|Rock Garden - Grand Canyon Routes|
Exploration of Bass Esplanade, 18 Oct 1991
Doug Nering and Danny Weimer. This exploration was made during the last 2 days of a trip from Bass to Elves Chasm and back.
The structure known as the Esplanade begins where the Bass Trail crosses the platform on the Supai layer to descend into Bass Canyon, but the true nature of this extraordinary landscape is hidden behind Mount Huethawali. The object of this visit was to locate Mystic Spring.
The best access to the north projection of the Esplanade is from the rise just before the trail begins the descent into Bass Canyon. Keep an eye for breaks in the two benches that must be climbed before reaching the southeastern slope of the Mount. Cross the slope behind the Mount to reach the neck of the promontory. Just where the slope levels out are several very large boulders. This is a prehistoric site including at least 4 agave pits, quantities of flint scrap, and a few tiny pieces of painted pottery.
Much of the top layer of the Esplanade is bare rock, and for a short time after rain the surface would hold many small rainpools. A few determined pines grow where there is enough soil. The most unusual plant here looks like a tiny ball of little waxy leaves all overlapping, sage in color, wedged among the cracks.
Mystic Spring is located on the west slope just below the rim. I was looking for signs of a route descending this slope and could see none at all. In fact going very far down this side may not be possible without a rope due to numerous terraces and barricading cliffs. To satisfy our curiosity, we followed the top layer of the platform out to the point of the next big drop, and surprised a bighorn enjoying the solitude of this isolated spot. Here the Supai and Redwall combine to form a vertical cliff of 1500 feet into Copper Canyon.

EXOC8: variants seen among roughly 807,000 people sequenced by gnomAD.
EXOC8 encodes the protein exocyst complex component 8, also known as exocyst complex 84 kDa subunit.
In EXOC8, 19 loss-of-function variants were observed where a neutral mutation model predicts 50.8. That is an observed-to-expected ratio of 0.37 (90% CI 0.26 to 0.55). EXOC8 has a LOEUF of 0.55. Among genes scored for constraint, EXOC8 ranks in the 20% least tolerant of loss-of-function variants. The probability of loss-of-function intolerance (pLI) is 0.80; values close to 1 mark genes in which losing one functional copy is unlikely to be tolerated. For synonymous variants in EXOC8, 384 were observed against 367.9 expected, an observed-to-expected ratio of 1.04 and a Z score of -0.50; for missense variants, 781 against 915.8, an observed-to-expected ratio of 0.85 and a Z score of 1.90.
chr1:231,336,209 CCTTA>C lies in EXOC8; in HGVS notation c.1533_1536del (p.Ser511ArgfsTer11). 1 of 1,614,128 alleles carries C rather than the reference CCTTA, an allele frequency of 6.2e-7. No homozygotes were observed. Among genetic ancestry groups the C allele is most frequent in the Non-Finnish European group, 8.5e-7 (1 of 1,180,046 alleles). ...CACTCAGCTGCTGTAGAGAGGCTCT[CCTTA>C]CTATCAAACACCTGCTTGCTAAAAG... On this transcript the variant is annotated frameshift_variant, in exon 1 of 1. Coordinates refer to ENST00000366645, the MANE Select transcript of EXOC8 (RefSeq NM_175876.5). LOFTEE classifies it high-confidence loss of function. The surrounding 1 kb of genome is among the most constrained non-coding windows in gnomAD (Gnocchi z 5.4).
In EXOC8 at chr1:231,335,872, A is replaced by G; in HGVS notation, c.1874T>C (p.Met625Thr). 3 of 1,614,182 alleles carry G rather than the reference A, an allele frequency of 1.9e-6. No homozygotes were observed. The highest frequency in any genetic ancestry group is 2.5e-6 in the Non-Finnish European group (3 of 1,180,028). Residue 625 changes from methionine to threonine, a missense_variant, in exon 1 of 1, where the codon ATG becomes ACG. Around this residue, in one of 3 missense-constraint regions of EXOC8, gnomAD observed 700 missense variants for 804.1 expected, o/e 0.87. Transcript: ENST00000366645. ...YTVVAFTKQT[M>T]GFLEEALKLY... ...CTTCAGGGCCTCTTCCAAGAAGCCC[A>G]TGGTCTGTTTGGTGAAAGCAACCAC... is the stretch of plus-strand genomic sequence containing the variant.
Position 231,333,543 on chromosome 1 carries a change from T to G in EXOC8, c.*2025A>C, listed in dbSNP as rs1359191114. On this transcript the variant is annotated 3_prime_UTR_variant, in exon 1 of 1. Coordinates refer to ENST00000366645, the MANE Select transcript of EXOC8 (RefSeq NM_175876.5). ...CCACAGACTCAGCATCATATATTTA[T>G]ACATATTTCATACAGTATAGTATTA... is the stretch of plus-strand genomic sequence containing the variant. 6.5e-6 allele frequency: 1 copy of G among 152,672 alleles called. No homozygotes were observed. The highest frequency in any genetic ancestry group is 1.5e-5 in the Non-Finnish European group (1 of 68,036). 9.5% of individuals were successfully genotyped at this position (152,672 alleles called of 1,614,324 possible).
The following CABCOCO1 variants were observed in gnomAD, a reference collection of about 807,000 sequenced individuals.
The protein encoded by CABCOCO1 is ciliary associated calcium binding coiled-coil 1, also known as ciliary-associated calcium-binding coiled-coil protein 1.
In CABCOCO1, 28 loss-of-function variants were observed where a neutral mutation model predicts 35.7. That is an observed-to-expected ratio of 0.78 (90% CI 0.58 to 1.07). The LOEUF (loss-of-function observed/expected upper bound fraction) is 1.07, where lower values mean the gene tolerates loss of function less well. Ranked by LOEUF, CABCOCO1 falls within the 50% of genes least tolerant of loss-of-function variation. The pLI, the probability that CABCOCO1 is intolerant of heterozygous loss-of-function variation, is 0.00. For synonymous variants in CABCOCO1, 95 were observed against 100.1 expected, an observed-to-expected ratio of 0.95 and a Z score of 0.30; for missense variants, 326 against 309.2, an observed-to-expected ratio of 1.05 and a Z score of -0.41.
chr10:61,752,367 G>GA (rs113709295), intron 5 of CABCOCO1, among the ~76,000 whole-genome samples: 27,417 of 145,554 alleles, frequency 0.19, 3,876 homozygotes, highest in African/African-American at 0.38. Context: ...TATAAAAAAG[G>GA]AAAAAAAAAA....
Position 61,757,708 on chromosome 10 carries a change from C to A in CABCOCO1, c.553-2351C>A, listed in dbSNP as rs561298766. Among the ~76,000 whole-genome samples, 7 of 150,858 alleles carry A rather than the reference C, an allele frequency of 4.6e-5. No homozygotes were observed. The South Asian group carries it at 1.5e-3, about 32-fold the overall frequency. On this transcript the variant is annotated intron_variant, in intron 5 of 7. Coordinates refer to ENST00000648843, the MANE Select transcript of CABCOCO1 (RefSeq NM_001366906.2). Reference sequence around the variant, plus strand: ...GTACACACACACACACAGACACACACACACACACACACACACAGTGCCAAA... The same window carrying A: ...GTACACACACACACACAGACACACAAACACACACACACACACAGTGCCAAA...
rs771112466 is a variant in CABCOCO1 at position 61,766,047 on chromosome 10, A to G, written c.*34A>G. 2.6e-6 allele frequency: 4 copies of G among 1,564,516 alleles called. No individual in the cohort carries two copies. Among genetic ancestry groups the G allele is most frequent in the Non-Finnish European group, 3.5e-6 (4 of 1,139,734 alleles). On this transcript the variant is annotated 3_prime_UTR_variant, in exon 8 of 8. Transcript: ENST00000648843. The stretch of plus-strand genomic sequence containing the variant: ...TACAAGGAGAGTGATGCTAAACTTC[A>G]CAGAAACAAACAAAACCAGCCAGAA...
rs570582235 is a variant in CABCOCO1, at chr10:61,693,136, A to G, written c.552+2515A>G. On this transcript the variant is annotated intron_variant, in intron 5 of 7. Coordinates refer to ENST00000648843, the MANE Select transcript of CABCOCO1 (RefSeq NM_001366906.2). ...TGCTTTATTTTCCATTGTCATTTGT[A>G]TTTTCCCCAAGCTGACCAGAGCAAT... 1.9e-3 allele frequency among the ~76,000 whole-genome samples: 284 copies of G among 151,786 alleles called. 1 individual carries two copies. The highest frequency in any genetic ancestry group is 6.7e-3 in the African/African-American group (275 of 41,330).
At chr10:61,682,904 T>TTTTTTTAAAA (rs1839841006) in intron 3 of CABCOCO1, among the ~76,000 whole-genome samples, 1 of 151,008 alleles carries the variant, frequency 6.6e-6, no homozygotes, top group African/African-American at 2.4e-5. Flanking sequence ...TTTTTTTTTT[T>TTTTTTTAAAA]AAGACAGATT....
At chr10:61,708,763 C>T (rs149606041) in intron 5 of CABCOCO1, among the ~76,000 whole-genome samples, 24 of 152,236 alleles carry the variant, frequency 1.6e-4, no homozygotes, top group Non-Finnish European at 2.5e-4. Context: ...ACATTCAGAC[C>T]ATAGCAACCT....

On the return trip a streak of moss and water was visible just below the rim of the bay to the west of the narrowest part of the Esplanade. This was the clue to our objective: Mystic Spring.
The spring can be reached going down a crack in the rim directly above the spring, but there is an easy way. The original trail goes gradually down the best break further south. After passing a small arch, the trail follows the terrace to the terminus at Mystic Spring. A low rock wall remains that once formed a basin for the water. I believe this must have been the only reliable water source for the Bass home.
Harvey B reports in GCT-III, page 68-69, that Mystic Spring was mislocated on the Matthes-Evans map and was for years presumed dry. In hot weather, well after the rainy season, a trickle of water was present, and some other water streaks showed on the rocks just below.
For the return trip, we chose the west slope of Mount Huethawali thinking we would surely find an old trail. There was none and the brushy slopes were most unpleasant for travel. The route up the northeastern shoulder to the top of the Mount was attractive, but energy and water supplies were inadequate to this excursion.
At the end of a very long and dry summer there was no more than the tiniest trickle at Mystic Spring, but the water tasted good and enough could be collected to survive. It is not a reliable water source for all seasons.
The Esplanade is relatively flat except for some 15 to 20 foot drops that separate terraces. Care should be taken to minimize disturbance of the delicate environment. Walk on hard surfaces or follow drainage lines to avoid crushing cryptobiotic soils.
This is a different world of unfamiliar landforms and lifeforms.